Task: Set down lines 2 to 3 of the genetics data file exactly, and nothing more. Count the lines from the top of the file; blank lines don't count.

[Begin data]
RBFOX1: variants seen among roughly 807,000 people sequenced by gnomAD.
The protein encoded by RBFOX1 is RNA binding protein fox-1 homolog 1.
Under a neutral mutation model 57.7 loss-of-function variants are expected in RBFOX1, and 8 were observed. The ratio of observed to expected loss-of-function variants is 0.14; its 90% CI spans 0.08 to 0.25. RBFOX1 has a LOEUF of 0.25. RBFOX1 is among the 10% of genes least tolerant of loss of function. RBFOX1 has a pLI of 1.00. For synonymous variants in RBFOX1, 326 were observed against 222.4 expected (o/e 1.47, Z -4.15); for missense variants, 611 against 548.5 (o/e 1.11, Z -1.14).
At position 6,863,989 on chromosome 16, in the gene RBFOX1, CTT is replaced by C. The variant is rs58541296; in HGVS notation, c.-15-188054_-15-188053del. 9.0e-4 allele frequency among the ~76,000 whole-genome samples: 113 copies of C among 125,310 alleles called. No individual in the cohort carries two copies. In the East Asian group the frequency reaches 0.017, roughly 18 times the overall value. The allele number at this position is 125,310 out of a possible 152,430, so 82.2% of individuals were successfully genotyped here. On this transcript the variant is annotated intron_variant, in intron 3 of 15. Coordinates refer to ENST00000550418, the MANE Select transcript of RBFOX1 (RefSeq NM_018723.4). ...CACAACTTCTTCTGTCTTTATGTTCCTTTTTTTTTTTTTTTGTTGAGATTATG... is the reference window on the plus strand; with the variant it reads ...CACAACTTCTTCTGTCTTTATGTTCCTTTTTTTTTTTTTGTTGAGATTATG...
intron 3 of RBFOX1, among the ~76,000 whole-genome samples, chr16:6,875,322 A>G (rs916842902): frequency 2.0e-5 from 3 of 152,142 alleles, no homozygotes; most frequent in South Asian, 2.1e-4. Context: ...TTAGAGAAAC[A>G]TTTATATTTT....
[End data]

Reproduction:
The protein encoded by RBFOX1 is RNA binding protein fox-1 homolog 1.
Under a neutral mutation model 57.7 loss-of-function variants are expected in RBFOX1, and 8 were observed. The ratio of observed to expected loss-of-function variants is 0.14; its 90% CI spans 0.08 to 0.25. RBFOX1 has a LOEUF of 0.25. RBFOX1 is among the 10% of genes least tolerant of loss of function. RBFOX1 has a pLI of 1.00. For synonymous variants in RBFOX1, 326 were observed against 222.4 expected (o/e 1.47, Z -4.15); for missense variants, 611 against 548.5 (o/e 1.11, Z -1.14).